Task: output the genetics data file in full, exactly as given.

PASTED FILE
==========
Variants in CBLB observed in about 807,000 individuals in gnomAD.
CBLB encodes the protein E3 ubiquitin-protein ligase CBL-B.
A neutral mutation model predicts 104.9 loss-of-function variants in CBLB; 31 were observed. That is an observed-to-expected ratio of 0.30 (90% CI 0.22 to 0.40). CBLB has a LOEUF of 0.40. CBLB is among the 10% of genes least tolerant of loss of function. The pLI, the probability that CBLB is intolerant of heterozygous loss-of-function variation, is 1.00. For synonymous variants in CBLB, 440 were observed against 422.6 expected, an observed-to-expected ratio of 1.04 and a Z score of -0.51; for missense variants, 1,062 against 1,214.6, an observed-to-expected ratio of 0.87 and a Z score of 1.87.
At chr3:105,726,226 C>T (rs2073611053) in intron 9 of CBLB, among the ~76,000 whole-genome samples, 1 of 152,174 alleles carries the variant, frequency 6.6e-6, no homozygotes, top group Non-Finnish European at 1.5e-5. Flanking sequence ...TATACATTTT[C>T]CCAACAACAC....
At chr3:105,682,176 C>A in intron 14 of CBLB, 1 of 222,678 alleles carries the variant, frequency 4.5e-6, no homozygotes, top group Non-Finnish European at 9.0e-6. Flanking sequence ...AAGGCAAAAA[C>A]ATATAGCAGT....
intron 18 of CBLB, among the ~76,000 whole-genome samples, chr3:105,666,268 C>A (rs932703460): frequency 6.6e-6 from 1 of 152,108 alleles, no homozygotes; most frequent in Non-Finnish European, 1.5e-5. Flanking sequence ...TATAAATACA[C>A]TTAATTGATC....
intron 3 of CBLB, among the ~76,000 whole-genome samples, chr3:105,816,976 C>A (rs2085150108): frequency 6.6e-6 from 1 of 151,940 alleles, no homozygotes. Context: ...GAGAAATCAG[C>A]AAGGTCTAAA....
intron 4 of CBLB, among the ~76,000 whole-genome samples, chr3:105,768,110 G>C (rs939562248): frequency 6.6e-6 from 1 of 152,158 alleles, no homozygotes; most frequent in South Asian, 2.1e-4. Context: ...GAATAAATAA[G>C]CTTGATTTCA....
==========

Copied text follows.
Variants in CBLB observed in about 807,000 individuals in gnomAD.
CBLB encodes the protein E3 ubiquitin-protein ligase CBL-B.
A neutral mutation model predicts 104.9 loss-of-function variants in CBLB; 31 were observed. That is an observed-to-expected ratio of 0.30 (90% CI 0.22 to 0.40). CBLB has a LOEUF of 0.40. CBLB is among the 10% of genes least tolerant of loss of function. The pLI, the probability that CBLB is intolerant of heterozygous loss-of-function variation, is 1.00. For synonymous variants in CBLB, 440 were observed against 422.6 expected, an observed-to-expected ratio of 1.04 and a Z score of -0.51; for missense variants, 1,062 against 1,214.6, an observed-to-expected ratio of 0.87 and a Z score of 1.87.
At chr3:105,726,226 C>T (rs2073611053) in intron 9 of CBLB, among the ~76,000 whole-genome samples, 1 of 152,174 alleles carries the variant, frequency 6.6e-6, no homozygotes, top group Non-Finnish European at 1.5e-5. Flanking sequence ...TATACATTTT[C>T]CCAACAACAC....
At chr3:105,682,176 C>A in intron 14 of CBLB, 1 of 222,678 alleles carries the variant, frequency 4.5e-6, no homozygotes, top group Non-Finnish European at 9.0e-6. Flanking sequence ...AAGGCAAAAA[C>A]ATATAGCAGT....
intron 18 of CBLB, among the ~76,000 whole-genome samples, chr3:105,666,268 C>A (rs932703460): frequency 6.6e-6 from 1 of 152,108 alleles, no homozygotes; most frequent in Non-Finnish European, 1.5e-5. Flanking sequence ...TATAAATACA[C>A]TTAATTGATC....
intron 3 of CBLB, among the ~76,000 whole-genome samples, chr3:105,816,976 C>A (rs2085150108): frequency 6.6e-6 from 1 of 151,940 alleles, no homozygotes. Context: ...GAGAAATCAG[C>A]AAGGTCTAAA....
intron 4 of CBLB, among the ~76,000 whole-genome samples, chr3:105,768,110 G>C (rs939562248): frequency 6.6e-6 from 1 of 152,158 alleles, no homozygotes; most frequent in South Asian, 2.1e-4. Context: ...GAATAAATAA[G>C]CTTGATTTCA....